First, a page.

LexisNexis sharpens Agile approach to ‘delight customers’
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LexisNexis sharpens Agile approach to ‘delight customers’

Mark Chillingworth — June 2019
LexisNexis, a market-leading provider of legal databases, is applying Agile methods to both drive customer satisfaction and ward off lawtech start-ups. David Espley, CTO of its UK and global platforms, describes how a ‘continuous delivery platform’ for software is reshaping the business.

“We are in the business of empowering legal professionals to do their job in a successful and profitable way,” says David Espley of LexisNexis.

As CTO for the UK and the company’s global platforms, he oversees an IT backbone that gives law firms worldwide access to 2.5 petabytes of legal news and information spread across 109 billion documents. It also provides applications for case management, customer relationship management, practice management, electronic disclosure and identity and background verification.

LexisNexis’s customers are becoming increasingly demanding as they seek ever-more efficient ways to provide their services, which is presenting opportunities for new low-cost digital challengers in the market.

To respond effectively to this threat, “the IT group has to enable the business to be fast and efficient,” says Espley, adding that the overriding goal is to “to delight our customers.”
Waves of delivery

As a company that provides data and software as a service, LexisNexis’s strategy for achieving this has been to move away from big-bang software updates and adopt a model pioneered by consumer tech giants such as Apple and Google.

“We have moved to a continuous delivery platform, with weekly updates. It’s a better way of working and great for building customer relationships,” Espley says.

This  approach has enabled LexisNexis to maintain a dialog with its clients, which is proving crucial in its fast-moving market. It helps the business to understand — and, in some cases, anticipate — what customers will need from it next.

David Espley, CTO UK/Global platforms, LexisNexis
“If you don’t know the customer, you’re flying blind,” says Espley, who believes that clients are reluctant to walk away from a provider that is highly attuned to their needs and will quickly develop products and services to satisfy these — despite the appeal of cheaper offerings from rivals.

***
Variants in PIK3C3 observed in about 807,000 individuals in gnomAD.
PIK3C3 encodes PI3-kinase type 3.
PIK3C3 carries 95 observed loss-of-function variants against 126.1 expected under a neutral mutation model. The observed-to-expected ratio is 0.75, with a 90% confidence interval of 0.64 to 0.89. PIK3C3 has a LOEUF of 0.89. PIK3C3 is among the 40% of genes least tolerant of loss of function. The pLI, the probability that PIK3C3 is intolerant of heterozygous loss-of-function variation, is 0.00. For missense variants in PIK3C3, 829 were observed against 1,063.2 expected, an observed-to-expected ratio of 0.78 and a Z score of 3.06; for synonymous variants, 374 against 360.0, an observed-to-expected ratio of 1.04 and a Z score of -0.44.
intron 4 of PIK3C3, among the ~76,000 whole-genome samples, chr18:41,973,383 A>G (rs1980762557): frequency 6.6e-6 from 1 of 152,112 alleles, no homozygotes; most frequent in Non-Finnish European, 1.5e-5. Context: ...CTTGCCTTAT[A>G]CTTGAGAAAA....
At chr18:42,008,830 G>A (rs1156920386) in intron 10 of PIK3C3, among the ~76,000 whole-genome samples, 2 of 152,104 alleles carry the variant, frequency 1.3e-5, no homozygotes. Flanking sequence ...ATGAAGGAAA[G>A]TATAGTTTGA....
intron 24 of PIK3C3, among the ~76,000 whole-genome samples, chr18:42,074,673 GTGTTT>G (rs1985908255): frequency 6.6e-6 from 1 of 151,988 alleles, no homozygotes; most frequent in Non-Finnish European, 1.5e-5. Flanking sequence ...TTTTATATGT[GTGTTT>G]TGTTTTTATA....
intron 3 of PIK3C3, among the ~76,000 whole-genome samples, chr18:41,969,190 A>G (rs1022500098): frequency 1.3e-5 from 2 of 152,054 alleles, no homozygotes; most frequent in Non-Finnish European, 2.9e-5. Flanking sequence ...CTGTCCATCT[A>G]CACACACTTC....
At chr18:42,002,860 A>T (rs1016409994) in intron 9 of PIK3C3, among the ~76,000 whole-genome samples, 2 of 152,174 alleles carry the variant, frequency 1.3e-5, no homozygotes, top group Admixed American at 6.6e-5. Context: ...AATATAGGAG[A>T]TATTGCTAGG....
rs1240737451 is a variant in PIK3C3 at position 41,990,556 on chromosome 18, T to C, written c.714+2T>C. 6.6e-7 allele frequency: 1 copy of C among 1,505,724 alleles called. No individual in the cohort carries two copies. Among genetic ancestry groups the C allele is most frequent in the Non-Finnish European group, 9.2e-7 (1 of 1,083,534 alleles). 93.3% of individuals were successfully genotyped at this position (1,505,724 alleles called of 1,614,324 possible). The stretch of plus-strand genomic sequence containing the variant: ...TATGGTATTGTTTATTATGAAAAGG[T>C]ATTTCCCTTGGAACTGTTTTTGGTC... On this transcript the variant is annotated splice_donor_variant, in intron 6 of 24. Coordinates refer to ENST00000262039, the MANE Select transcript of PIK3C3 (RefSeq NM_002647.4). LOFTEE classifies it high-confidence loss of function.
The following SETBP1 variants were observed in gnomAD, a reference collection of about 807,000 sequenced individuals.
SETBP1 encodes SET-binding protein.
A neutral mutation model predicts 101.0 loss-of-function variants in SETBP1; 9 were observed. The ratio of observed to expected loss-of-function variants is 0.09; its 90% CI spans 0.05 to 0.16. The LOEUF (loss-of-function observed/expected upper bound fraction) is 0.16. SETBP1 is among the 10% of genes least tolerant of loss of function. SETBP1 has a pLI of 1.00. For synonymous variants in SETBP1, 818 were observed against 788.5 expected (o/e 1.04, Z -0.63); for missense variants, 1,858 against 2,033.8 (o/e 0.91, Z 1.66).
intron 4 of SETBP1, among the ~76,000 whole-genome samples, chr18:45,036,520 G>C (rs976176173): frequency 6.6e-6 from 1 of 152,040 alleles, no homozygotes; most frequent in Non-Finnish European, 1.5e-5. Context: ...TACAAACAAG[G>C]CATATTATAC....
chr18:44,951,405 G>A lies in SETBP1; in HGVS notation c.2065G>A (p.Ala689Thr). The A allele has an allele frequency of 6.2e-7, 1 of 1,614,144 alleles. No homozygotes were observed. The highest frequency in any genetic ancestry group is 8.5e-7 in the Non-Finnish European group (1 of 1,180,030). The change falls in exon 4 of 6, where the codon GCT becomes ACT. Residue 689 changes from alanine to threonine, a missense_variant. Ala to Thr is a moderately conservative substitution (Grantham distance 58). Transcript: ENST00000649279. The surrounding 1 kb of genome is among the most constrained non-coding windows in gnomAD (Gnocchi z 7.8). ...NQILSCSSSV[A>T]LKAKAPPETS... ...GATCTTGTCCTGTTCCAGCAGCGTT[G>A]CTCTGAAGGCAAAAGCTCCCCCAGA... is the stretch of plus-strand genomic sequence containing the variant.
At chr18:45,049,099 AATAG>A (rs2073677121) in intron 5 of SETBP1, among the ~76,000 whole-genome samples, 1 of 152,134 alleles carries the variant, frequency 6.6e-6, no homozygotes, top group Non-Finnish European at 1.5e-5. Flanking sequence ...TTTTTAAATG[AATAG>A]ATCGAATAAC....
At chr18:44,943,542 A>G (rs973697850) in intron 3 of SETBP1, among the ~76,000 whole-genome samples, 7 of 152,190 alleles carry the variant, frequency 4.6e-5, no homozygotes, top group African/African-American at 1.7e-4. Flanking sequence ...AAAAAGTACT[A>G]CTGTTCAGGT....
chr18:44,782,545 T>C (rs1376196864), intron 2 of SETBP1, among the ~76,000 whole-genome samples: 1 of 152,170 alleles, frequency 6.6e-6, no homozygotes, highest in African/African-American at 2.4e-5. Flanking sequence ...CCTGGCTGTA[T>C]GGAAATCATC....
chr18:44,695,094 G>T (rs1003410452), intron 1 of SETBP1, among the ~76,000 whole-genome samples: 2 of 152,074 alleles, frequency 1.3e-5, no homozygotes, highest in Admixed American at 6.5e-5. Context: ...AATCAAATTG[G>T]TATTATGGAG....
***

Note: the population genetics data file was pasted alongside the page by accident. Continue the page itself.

With the in mind,  Espley’s team uses advanced analytics to track how subscribers are taking up new features. “We are constantly running experiments and watching how these services are used,” he says.

The continuous delivery model means that a client rarely has to arrange “big-bang training,” where a major software update means that users needs to be taught how to use a radically different system, says Espley. “Small, rapid changes don’t affect the day-to-day workflow of our customers,” he says, “so the incremental approach benefits both sides.”
Agile culture

A long-standing advocate of the Agile approach, Espley believes it is more of a cultural philosophy than a project management method. The idea of “empowering people to make the right decisions quickly” was what started the whole movement, he says, and that principle is important to bear in mind. “So, when you have great people, always assume that they’re doing the right thing at the right time with the information they have to hand. The whole point of Agile is to get things in front of people to make commercial decisions.”

That approach has made his department integral to ensuring that every new product and service offered by LexisNexis creates business value. “We are front and center of any program, collaborating across the business,” Espley says. It is all about the technology team becoming “outcome-focused.”
First published June 2019
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